Acknowledgments
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Acknowledgments My father actually came up with the idea for this book. He sent me a text message one night saying that I should write a book and call it That’s Gotta Hurt: The Injuries That Changed Sports Forever. He offered Joan Benoit, Bernard King, and Dave Duerson as examples of athletes whose injuries and injury treatments have changed their sports and the treatment of athletes of all ages. After a few more hours of texting, we had almost the entire list of athletes I discuss in this book. In fact, he insisted I use the Wide World of Sports opening montage, with Vinko Bogataj crashing at the base of a ski jump, as my introduction. While I remembered watching the show almost every Saturday afternoon as a kid, I couldn’t figure out how “the agony of defeat” would apply to what I wanted to write. After researching the crash and learning the effects that footage had on the sport of ski jumping, I had my introduction. As always, my dad’s instincts were right. He has been more helpful through this process than I can ever describe. He has read multiple drafts of every chapter. He convinced me to stick with my message when agents and publishers wanted a more prescriptive medical book. I could not have written this book without his time, wisdom, support, and love. Much of the information on the injuries I describe came from hundreds of hours of research in newspapers, magazines, and online publications. I could not have told these stories and explained their significance, though, without the insight and experiences of people close to the events. So many people selflessly gave their valuable time to talk to me, and I could not be more grateful to them. Among the athletes and their coaches, teams, and family, I am deeply appreciative of Sam Bowie, Rory Bushfield, Brandi Chastain, Michael Duerson, Max Eisenbud, Bob Sevene, Bill Walton, and Gregg Williams. I am also thankful for the time and insight shared by many journalists and experts in their fields, including Ken Anderson, Timothy Epstein, Andrea Kremer, Mike Oliver, Alan Schwarz, and Doug Wilson. In writing this book, I relied on the knowledge and research of a huge number of physicians, health-care professionals, and medical experts who graciously 248 / Acknowledgments offered their time and perspectives. Many thanks to Barry Boden, James Bradley , Peter Brukner, Lyle Cain, Robert Cantu, Douglas Casa, Lindsay DiStefano, Julie Eibensteiner, Gary Green, Glenn Fleisig, Tom Hackett, Jo Hannafin, Tim Hewett, Barry Jordan, Steve Lombardo, Bert Mandelbaum, Matt Matava, Chris Mazoué, Ann McKee, Jordan Metzl, Fred Mueller, Norman Scott, Erin Shannon, Donald Shelbourne, Holly Silvers, Robert Stern, Herb Stevenson, Jeff Stotts, Dania Sweitzer, and Vehniah Tjong. I cannot say enough about Dana Newman, my amazing literary agent. Many publishers wanted me to write a prescriptive book, suggesting what readers could do for a rotator cuff tear or meniscus tear. This is the book that I wanted to write. She understood it immediately and supported it completely. Thank you to Stephen Hull and the team at ForeEdge and University Press of New England. You are all great at what you do, and you were a pleasure to work with. Thank you to Erik Calonius for reading and helping me craft my book proposal , reading my initial chapters, and offering much-needed encouragement. I am indebted to my longtime assistant, Jen Streckfuss. She tracked down contact information for people I wanted to interview and helped assemble the citations for the hundreds of sources I used. In addition, she helped with many of the daily functions of my website, podcast, videos, and Sports Medicine University so that I could devote much of my limited free time to this book. Along the same lines, thank you to Stephanie Coffin for her help with both this book and my website and social media. And thank you to Prateek Prasanna for letting me bounce ideas about injuries and injury trends off him. Malcolm Dewitt, the sports editor at The Post and Courier, offered me my first real opportunity to write for an audience outside of my website. I started by writing what he and I thought readers in Charleston would want to read from an orthopedic surgeon: explanations of injuries among local athletes. Honestly, my first few columns were not good at all. Malcolm stuck with me as I worked to improve. Gradually he allowed me to expand my column to discuss my passions: arguments for rule...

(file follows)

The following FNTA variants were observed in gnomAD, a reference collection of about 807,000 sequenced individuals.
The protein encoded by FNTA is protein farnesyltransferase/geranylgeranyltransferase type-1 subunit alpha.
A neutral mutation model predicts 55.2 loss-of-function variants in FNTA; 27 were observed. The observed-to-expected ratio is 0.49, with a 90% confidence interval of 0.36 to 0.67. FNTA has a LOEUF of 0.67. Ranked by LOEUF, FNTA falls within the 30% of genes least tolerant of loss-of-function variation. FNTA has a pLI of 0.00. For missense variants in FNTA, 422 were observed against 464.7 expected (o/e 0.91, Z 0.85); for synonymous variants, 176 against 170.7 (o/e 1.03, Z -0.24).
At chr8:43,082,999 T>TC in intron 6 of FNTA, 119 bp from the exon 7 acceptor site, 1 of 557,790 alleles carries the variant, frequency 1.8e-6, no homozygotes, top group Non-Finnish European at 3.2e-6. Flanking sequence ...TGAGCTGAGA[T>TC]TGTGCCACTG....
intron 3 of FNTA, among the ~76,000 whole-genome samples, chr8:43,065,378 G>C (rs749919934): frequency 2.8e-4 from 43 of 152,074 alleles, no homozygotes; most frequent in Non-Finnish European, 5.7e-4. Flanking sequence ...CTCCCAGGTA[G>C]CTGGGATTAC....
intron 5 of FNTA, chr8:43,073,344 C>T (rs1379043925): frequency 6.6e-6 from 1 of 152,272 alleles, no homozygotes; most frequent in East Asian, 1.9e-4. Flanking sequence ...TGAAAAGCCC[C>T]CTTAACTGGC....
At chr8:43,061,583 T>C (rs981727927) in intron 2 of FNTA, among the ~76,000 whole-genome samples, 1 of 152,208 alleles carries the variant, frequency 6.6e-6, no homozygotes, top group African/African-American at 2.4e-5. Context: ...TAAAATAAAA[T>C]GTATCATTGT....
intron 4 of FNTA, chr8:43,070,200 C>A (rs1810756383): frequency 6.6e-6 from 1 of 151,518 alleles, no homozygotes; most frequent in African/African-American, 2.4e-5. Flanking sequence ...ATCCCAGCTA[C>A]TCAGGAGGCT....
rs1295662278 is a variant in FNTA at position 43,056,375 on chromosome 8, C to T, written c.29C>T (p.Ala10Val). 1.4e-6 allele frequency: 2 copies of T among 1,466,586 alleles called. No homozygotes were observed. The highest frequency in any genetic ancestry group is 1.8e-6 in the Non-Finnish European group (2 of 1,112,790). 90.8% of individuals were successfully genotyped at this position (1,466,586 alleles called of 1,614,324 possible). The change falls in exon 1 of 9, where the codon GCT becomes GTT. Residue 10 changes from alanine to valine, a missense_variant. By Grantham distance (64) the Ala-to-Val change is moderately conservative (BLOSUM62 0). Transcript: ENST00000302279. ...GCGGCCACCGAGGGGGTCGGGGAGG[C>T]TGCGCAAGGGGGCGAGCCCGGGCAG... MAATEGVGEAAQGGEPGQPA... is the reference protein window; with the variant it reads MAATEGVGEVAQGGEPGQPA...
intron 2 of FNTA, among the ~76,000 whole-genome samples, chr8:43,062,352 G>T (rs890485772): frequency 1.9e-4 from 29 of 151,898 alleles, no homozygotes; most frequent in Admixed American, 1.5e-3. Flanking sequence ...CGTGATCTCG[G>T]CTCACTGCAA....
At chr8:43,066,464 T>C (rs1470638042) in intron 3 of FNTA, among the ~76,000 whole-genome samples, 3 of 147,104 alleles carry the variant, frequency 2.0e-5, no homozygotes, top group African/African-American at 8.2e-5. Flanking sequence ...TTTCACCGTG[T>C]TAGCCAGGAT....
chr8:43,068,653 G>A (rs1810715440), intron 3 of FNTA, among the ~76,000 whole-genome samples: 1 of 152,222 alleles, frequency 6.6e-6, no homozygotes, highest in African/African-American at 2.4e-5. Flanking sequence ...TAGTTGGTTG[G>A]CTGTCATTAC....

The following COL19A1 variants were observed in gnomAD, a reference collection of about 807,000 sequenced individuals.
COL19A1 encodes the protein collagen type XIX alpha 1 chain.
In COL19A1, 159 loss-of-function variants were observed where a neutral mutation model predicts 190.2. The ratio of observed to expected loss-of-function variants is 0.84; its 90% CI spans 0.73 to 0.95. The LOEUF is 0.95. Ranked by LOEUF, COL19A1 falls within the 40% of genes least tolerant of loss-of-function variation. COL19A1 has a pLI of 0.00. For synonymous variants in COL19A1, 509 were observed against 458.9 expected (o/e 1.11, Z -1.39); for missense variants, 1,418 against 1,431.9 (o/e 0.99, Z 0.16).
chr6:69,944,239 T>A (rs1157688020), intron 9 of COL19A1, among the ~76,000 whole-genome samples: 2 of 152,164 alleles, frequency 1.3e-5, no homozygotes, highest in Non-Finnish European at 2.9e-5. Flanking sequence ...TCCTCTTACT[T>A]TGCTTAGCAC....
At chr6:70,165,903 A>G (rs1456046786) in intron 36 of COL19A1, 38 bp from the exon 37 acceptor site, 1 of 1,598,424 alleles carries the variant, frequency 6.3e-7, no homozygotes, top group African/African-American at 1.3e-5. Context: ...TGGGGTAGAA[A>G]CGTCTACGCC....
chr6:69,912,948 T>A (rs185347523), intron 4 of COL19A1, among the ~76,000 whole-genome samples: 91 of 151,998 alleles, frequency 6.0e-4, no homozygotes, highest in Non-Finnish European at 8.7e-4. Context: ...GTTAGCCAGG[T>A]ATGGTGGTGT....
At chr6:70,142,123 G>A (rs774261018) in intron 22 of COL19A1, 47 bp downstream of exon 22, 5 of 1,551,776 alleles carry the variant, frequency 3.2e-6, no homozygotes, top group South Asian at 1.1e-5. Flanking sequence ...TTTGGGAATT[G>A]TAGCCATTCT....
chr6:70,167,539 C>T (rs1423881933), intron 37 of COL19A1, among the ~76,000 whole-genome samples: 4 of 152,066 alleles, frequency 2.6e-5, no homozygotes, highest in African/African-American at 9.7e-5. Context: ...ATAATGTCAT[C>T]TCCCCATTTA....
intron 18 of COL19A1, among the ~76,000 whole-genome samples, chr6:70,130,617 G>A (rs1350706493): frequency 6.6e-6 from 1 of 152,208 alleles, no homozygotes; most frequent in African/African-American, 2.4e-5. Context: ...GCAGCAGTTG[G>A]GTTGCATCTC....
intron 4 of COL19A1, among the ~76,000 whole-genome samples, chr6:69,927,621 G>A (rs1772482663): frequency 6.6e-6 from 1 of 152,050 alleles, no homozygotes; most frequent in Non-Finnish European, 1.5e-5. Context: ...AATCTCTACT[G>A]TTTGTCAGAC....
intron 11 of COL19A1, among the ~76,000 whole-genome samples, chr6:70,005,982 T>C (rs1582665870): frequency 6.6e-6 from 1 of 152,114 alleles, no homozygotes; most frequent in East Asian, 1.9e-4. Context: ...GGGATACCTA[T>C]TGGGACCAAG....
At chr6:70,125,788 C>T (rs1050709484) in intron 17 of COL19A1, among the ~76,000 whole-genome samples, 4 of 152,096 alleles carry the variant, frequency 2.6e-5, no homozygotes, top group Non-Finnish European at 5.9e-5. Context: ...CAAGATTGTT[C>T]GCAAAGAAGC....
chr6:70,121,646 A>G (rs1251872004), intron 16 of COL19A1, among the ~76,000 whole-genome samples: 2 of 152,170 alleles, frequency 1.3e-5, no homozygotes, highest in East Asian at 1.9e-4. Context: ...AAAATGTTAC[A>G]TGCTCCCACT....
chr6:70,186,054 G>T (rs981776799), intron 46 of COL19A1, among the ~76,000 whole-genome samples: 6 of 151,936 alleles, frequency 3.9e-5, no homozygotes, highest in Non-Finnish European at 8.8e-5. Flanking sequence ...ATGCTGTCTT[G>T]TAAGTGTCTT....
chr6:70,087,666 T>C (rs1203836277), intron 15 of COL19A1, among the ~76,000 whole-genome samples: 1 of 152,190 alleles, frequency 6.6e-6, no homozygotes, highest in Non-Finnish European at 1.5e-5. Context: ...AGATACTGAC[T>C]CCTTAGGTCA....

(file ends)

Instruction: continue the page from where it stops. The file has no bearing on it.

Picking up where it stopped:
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Subject Headings

  • Athletes -- United States -- Biography.
  • Athletes -- Health and hygiene.
  • Sports medicine -- History.
  • Sports injuries -- History.
  • Sports -- United States -- History.
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